John Oliver has only been hosting HBO's Last Week Tonight for a little over a year, but in that time, he's had an uncanny talent for making fun of problems or issues in a way that gets people's attention beyond his Sunday night time slot. On his most recent show, Oliver pledged to sponsors of FIFA that he would happily consume their products if they could "make Sepp Blatter go away" and pull their support for FIFA. He'd wear a pair of weird Adidas shoes, take a bite out of every item on McDonald's value menu, and even drink a Bud Light Lime.
For a show that serves as a review of the past week's news, it's a little odd how often Last Week Tonight is actually ahead of the curve, almost as if Oliver has some weird super power. Like on Tuesday, when, a few days after Oliver's rant, Blatter resigned amid reports he was under investigation. Now, there's nothing so far as to suggest the sponsors had anything whatsoever to do with Blatter's resignation, but Oliver had a little fun with the news and appeared to make good on at least one of his promises. Soon after the resignation news broke, Oliver tweeted out a picture of a bucket of Bud Light Lime bottles with the single word "Champagne."
Not convinced of Oliver's powers? OK, there's a chance he's just on the lucky end of a bunch of really strange coincidences. But at least one group is crediting Oliver for providing renewed attention to the problem. Here are a few examples of John Oliver's fortuitous timing and the impact Last Week Tonight may or may not be having on real-world issues.
In May, Oliver railed against the contract chicken farming industry, pointing out that multiple chicken farmers live below the poverty line because of a system that he said was designed to produce maximum profit for the chicken industry at great cost to the farmers. To say he ruffled feathers is putting it mildly. The National Chicken Council issued a statement calling Oliver's report "not an accurate reflection" of its industry and its farmer partners. But those who supported improving agriculture policy to better protect farmers said this was the first time the issue received any real attention in a long time. Ohio Rep. Marcy Kaptur told Politico, "We’ve never had publicity like this in the 16 years I’ve been working on this issue."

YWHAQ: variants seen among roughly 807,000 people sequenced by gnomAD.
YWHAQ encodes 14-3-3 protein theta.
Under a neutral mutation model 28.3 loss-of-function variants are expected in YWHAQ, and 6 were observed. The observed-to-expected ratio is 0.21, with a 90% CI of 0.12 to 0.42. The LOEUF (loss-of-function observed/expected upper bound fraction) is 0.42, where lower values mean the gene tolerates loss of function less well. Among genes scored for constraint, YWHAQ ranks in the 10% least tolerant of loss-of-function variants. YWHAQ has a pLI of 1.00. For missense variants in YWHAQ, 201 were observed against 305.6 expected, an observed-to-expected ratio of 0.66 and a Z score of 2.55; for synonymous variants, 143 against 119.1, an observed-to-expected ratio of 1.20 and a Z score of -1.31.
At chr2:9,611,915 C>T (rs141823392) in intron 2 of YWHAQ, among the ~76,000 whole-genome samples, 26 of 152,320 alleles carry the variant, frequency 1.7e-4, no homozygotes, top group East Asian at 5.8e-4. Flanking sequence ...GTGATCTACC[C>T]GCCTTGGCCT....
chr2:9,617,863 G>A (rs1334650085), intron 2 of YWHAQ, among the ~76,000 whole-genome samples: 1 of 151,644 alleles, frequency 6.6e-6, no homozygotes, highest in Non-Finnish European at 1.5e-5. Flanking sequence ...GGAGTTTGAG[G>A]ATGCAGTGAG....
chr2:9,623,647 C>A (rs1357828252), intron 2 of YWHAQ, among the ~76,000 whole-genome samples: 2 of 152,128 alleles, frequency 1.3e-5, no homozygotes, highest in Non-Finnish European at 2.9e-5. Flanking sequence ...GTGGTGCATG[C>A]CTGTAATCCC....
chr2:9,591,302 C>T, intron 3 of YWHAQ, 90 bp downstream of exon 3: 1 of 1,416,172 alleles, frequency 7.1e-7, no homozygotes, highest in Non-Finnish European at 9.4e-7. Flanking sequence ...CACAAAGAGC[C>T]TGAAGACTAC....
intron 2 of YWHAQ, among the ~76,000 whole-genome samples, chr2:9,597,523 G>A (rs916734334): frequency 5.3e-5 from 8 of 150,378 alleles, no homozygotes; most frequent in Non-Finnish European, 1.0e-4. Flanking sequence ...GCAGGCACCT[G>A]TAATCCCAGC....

Edward Snowden And The NSA
In April, Oliver traveled to Russia to interview Edward Snowden, who exposed the scope of the NSA surveillance program when he turned over documents to journalists in 2013. The two talked about the problems of bad passwords, dick pics, and the realities of the NSA's spying. On Monday, several key provisions of the Patriot Act expired, giving some validation to Snowden's efforts. Oliver probably doesn't get direct credit for this one, but he gets kudos for trying to explain the complexities of the NSA's surveillance in terms that made it relatable for a more mainstream audience. Because who doesn't understand the need to keep dick pics private?
The Government Of Thailand
Back in 2014, Oliver openly mocked the government in Thailand for its repressive stance on speech. Anyone who makes fun of the royal family in Thailand could spend time in jail, he reported, and called the country's crown prince "buffoonish." The Thai government didn't think his jokes were funny and accused Oliver of "undermining the royal institution," according to Vice News, which obtained a document that indicated the government was "paranoid about Oliver's activities." The comedian's Thai call out helped bring the country's longtime censorship of free speech to an international platform.
Whether he's just on top of news (even week-old news), Oliver does have a way of driving conversation and getting people talking. No word yet if he'll come through on the rest of his FIFA promises, but it seems likely he won't want to mess with his winning formula. Get ready to see him tackle that McDonald's value menu.
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